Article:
Lesbian Albatrosses and Gay Giraffes? The Science on Same-Sex Sexuality in Animals

Lesbian Albatrosses and Gay Giraffes? The Science on Same-Sex Sexuality in Animals

Alisa Opar
Published: 04/01/2010

“People always come up with the argument that homosexuality is somehow against nature. And that’s not true." That's what Petter Bøckman told me a few years ago. Bøckman was the academic advisor for "Against Nature?" a 2006 exhibition at the Norwegian Natural History Museum of the University of Oslo that used models, photos, texts, and specimens (like the swans to the right) to inform visitors about a small selection of "gay" animals. Click here for photos from the exhibit of whales, giraffes, and bonobos.

Scientists have observed homosexual behavior in hundreds of animal species, from insects to sheep. Recently a lesbian albatross pair made headlines around the globe—the couple will be raising a chick together at New Zealand's Taiaroa Head Royal Albatross Centre. The females were part of a trio, but the male left after mating with one of the females.

The royal albatross females will raise their chick exactly the same as any male-female pair would, Lyndon Perriman, a ranger with New Zealand's Department of Conservation, told the Telegraph."For the next six months the new parents will take turns to alternately guard and feed the chick, with one protecting it from predators while the other goes out to sea to forage for food several hundred kilometres away. They swap the roles every two days."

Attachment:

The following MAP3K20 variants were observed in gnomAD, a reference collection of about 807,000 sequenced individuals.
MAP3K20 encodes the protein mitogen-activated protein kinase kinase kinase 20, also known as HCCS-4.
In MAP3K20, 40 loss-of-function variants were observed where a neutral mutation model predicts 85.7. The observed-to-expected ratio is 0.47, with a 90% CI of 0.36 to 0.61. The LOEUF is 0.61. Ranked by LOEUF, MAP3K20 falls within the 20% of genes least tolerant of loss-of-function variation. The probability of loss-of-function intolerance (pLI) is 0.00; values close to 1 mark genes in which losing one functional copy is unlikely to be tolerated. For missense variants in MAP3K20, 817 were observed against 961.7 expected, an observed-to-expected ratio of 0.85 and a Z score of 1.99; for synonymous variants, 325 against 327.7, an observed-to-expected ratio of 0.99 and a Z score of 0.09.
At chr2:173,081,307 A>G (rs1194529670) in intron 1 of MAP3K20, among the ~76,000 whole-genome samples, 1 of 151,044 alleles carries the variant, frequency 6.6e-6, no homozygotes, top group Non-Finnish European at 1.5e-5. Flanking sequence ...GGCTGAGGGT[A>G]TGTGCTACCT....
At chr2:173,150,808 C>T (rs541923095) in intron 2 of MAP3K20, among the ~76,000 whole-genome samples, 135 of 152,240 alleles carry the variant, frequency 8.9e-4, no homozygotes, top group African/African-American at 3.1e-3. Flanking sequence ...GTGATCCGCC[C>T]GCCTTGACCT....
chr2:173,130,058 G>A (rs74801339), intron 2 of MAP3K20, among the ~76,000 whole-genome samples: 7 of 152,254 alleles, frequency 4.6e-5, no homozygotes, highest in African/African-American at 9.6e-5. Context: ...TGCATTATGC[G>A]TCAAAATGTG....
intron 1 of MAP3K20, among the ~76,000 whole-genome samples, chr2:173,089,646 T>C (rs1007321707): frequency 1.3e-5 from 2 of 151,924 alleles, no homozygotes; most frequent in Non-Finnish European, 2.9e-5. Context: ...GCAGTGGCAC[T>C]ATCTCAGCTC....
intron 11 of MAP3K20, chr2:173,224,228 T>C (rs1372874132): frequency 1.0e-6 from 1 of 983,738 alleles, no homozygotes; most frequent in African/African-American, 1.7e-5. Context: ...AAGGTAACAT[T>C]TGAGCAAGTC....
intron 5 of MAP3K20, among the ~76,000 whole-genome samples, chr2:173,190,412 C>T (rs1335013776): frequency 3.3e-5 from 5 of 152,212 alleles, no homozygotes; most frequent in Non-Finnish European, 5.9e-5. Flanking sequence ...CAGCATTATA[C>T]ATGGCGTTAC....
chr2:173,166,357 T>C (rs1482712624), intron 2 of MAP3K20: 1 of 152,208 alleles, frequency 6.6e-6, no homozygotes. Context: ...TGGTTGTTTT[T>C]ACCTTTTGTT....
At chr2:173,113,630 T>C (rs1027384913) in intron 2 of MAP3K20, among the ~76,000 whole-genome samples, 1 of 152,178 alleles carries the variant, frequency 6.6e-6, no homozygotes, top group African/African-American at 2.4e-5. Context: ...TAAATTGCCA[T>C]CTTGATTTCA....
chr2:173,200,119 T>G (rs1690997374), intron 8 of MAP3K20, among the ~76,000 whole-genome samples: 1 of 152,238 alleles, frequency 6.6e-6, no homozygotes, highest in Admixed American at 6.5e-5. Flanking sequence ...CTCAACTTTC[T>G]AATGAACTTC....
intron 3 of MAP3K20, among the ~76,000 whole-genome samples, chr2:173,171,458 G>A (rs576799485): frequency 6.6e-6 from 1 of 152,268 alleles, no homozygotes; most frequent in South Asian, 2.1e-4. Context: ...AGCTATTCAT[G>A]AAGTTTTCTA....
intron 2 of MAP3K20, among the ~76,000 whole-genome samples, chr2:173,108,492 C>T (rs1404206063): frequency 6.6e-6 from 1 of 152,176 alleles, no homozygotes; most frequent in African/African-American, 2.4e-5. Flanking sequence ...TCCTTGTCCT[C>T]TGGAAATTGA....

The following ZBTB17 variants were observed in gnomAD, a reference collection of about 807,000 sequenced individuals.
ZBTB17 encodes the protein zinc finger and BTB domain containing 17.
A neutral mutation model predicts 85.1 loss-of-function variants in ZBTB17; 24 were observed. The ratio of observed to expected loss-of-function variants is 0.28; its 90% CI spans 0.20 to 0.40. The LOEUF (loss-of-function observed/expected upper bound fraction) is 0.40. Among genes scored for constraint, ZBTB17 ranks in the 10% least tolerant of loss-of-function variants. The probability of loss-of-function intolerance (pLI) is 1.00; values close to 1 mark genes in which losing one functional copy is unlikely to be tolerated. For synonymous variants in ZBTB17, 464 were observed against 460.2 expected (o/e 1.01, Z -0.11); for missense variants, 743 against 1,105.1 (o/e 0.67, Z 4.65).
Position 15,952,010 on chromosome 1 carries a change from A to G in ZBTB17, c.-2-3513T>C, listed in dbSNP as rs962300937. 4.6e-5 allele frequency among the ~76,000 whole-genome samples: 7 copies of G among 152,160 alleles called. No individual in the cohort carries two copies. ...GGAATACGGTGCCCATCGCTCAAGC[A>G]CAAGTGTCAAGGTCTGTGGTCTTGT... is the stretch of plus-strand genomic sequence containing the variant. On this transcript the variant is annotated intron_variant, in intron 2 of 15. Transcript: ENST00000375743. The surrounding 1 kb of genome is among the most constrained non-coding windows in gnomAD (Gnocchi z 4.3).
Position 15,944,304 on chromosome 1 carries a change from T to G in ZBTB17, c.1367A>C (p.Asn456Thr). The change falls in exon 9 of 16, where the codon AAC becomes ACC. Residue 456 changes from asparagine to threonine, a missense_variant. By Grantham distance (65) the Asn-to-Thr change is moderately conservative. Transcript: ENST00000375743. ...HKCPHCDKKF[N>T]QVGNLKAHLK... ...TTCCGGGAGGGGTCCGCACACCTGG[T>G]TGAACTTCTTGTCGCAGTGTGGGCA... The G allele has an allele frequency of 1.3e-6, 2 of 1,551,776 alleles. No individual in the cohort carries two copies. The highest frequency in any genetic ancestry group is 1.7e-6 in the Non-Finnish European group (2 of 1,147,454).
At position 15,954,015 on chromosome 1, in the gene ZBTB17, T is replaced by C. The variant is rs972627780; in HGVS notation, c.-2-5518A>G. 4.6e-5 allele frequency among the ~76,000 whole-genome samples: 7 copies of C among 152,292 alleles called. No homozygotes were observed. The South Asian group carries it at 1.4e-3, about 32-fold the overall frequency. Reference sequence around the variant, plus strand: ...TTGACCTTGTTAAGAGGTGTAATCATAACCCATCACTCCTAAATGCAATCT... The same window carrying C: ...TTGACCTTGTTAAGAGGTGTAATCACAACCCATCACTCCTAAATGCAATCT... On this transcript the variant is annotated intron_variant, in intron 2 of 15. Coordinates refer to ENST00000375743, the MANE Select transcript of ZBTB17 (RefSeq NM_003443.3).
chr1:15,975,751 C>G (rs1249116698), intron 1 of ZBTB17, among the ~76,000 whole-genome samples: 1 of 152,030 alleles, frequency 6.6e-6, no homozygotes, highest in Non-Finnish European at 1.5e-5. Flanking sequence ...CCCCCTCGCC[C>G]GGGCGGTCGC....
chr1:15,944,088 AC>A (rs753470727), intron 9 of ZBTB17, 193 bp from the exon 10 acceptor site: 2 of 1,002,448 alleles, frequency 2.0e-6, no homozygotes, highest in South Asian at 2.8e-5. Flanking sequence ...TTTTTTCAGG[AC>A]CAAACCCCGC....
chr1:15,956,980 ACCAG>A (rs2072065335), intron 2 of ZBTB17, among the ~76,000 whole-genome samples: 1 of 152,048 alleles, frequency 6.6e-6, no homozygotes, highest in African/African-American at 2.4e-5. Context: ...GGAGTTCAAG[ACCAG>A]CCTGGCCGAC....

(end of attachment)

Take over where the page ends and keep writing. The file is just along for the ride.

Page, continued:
From Plenty: 

Bonobos, one of our closest relatives, may be the most well-known homosexual animals.Killer whales, bottlenose dolphins, West Indian manatees, and giraffes are known to have all-male orgies. Among black-headed gulls, scientists estimate that one in ten pairs is comprised of two females. Same-sex penguin couples have been known to have long relationships and raise chicks.

Homosexuality is most widespread among animals with a complex herd life. It functions as a kind of social glue for bonobos, who use sex to diffuse conflict—a marked difference from other primates that solve conflicts with violence. Homosexuality also plays a social role among other male animals, such as big horn sheep and lions.


But researchers have no idea what the advantage is, if any, of homosexual behavior among dragonflies, scarab beetles, or, as observed at least once, two male octopuses of different species.

Bøckman and others at the museum hoped the exhibition would help break a long-held taboo against talking about, and publishing on, the subject. “We need more research,” he said.

An article in this week's New York Times magazine looks at some of the most recent research, and examines how biologists have largely turned a blind eye to same-sex pairings:

In recent years though, more biologists have been looking objectively at same-sex sexuality in animals — approaching it as real science. For Young, the existence of so many female-female albatross pairs disproved assumptions that she didn’t even realize she’d been making and, in the process, raised a chain of progressively more complicated questions. One of the prickliest, it seemed, was how a scientist is even supposed to talk about any of this, given how eager the rest of us have been to twist the sex lives of animals into allegories of our own. “This colony is literally the largest proportion of — I don’t know what the correct term is: ‘homosexual animals’? — in the world,” Young told me. “Which I’m sure some people think is a great thing, and others might think is not.”

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